After a three-judge panel Oct. 28 said North Carolina’s gerrymandered congressional map couldn’t be used for filing that begins in December, the Republican leadership formed a bipartisan committee to draw a new map.
The General Assembly did something similar when the same judges ordered them to create new state House and Senate maps, and the process of making a new map was generally deemed fair by Democrats and Republicans.
But after two days of congressional mapmaking by Democrats and Republicans, some observers are horrified at the maps that have been produced, even if they aren’t final.
“This is the epitome of bad faith,” said attorney Allison Riggs, who argued a North Carolina gerrymandering case before the U.S. Supreme Court in March. “These guys aren’t even trying.”
Riggs said the efforts to make new maps are “offensive.”
Riggs argued her gerrymandering case on behalf of the League of Women Voters. And though the highest court ruled against the League and Common Cause, Chief Justice John Roberts said state courts and legislatures should police gerrymandering.
And that is what’s happened in North Carolina, both at the state and congressional level.
A spokesperson for Republican state Sen. Ralph Hise said the process is being "muddled" by competing lawsuits. The three-judge panel has not yet definitely ruled that the state needs a new map, and the same court has not given the state guidelines on how to move forward.
"We are currently under a state court's 'wink-and-nod' quasi-order that says they haven't gone through enough process yet to determine that the current Congressional maps violate the North Carolina Constitution, but they 'urge' us to go ahead and create new maps," Hise said in a statement.
"We're going to move forward and begin the redistricting process because the filing period starts in less than one month, whether under the current map or a new one. We intend to keep the state on schedule and not cram the election process. But we're in a difficult place with no clear direction on which way to go."
When making new state legislative maps, legislators started with a computer-generated map and then adjusted it to make sure legislators were not placed in the same district.
Legislators are making the congressional maps by hand. Or, more accurately, by using a mouse to click on different counties and precincts to create districts.
On some maps, the results are districts that are even more unusual than the gerrymandered districts they are supposed to replace.
The current congressional map is notorious for splitting Greensboro in two, for taking Asheville out of Mark Meadows’ western district and for the “Mecklenburg Boot” of historically GOP-leaning precincts that were placed in the 9th District.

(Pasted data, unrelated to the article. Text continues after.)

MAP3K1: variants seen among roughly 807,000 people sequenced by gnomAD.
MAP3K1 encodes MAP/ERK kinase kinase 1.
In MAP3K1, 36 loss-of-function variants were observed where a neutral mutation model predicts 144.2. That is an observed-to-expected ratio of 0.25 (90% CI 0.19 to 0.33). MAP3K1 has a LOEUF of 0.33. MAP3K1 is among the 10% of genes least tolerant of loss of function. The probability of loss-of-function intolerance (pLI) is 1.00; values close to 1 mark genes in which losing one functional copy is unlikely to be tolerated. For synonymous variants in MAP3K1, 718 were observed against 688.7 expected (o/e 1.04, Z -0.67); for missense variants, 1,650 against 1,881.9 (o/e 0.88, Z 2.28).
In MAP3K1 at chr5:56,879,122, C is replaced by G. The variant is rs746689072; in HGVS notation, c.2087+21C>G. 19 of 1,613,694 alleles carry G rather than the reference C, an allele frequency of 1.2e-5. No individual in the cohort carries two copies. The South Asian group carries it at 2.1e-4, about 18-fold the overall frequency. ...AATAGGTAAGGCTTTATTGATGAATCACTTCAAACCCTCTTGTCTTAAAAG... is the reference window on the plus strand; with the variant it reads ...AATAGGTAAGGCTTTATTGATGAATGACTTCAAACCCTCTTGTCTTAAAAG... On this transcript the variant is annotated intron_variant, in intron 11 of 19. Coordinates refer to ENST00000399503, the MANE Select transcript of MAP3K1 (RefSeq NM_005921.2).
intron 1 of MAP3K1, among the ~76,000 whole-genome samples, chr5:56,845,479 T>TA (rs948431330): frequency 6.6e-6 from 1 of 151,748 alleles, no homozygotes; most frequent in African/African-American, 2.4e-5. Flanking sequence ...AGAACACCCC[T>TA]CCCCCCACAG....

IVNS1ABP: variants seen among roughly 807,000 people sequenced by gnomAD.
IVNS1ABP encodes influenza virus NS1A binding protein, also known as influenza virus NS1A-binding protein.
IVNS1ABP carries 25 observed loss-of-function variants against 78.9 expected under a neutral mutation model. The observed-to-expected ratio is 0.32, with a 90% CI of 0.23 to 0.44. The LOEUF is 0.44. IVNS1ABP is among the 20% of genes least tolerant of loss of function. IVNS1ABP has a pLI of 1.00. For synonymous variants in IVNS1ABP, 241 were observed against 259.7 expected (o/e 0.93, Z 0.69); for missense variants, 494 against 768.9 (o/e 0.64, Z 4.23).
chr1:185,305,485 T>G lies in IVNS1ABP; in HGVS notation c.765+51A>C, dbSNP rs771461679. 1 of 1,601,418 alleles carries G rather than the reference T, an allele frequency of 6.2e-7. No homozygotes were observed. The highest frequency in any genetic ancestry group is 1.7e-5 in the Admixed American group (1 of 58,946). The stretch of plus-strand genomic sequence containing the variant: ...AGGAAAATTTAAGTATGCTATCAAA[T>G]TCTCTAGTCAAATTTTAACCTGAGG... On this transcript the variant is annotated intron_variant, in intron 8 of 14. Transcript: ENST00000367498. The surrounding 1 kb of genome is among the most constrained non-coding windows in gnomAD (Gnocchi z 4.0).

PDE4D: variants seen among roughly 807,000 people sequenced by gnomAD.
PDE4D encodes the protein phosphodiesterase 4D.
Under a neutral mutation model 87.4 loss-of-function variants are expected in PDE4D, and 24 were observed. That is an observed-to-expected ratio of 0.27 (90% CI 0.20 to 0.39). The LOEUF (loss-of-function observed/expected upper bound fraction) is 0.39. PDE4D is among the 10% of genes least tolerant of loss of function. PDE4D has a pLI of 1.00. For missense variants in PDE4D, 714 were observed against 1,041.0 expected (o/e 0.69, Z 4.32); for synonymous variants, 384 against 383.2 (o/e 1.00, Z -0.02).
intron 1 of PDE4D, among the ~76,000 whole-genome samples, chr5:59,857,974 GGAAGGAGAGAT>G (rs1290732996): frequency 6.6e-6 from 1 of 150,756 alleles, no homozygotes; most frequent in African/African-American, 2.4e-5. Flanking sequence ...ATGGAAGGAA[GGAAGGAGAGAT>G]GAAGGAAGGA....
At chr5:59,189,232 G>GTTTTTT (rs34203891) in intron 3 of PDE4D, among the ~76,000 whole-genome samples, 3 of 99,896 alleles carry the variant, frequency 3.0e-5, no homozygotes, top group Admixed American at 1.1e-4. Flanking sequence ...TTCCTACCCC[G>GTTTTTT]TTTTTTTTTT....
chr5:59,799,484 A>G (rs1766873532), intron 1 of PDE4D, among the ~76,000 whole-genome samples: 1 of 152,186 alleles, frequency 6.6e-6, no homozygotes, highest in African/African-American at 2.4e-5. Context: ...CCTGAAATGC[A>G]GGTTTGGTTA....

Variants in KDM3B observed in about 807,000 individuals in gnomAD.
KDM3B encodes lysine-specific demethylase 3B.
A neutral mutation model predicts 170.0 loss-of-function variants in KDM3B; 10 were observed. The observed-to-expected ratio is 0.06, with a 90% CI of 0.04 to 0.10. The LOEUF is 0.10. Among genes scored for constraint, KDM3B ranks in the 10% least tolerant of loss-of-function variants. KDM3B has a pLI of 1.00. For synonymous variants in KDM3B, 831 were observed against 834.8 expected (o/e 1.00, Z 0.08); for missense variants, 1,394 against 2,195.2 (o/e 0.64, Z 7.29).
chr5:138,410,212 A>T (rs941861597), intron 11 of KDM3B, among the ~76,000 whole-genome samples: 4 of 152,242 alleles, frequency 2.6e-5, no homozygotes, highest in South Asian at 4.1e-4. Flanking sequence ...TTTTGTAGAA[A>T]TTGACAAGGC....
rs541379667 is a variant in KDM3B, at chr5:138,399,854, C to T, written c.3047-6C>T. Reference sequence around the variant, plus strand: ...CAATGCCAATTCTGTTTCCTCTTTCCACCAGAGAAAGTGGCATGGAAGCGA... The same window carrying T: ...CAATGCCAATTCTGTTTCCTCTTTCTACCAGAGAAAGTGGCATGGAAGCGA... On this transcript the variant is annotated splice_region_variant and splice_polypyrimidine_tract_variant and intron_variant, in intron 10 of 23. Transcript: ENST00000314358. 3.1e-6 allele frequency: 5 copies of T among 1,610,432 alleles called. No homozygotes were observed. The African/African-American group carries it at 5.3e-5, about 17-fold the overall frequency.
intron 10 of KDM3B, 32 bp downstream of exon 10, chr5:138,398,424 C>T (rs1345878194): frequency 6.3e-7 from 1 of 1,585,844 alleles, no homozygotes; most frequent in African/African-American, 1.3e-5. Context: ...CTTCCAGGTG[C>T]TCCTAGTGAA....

One map posted on the General Assembly website is the “Willingham Map.” Shelly Willingham is a Democratic House member from Rocky Mount.
That map made some sensible changes, like putting Asheville in Mark Meadows’ western North Carolina district.
But Mecklenburg is more of a mess then before.
The state’s largest county – which could almost be home to its own congressional district – is chopped into three districts.
To give Republican Dan Bishop his own district, the map has a narrow corridor of south Charlotte precincts, as though it were a finger.
Republican Rep. David Lewis infamously said the legislature drew a map that gave Republicans a 10-3 advantage because they couldn’t draw a map that gave Republicans the advantage in 11 seats.
He’s a committee member, and he has also produced a draft map.
That map recreates the “Mecklenburg Boot” that makes the rest of Mecklenburg County overwhelmingly Democratic.
It chops up Guilford County, and it puts Wake County into three districts.
Riggs calls the proposed 4th District an “outrageous” gerrymander.
In the Lewis map, the 4th District is in yellow and covers Alamance and Orange counties and part of Wake County.
She also says the legislature’s decision to give each representative their own district is misguided. You don’t have to live in your district to run for Congress, and drawing districts on the account of representatives produces disjointed districts.
“They haven’t done this is in the past,” she said. “They drew Alma Adams out of her district in the past.”
She said it’s possible the three-judge panel could throw out whatever map the General Assembly produces and would appoint a special master to make a new map.
“They could fix this now,” she said. “But they are choosing not to.”
This story originally appeared in the Nov. 8 issue of WFAE's Inside Politics newsletter. You can sign up here to get WFAE politics reporter Steve Harrison's analyses of political issues in your inbox every Friday.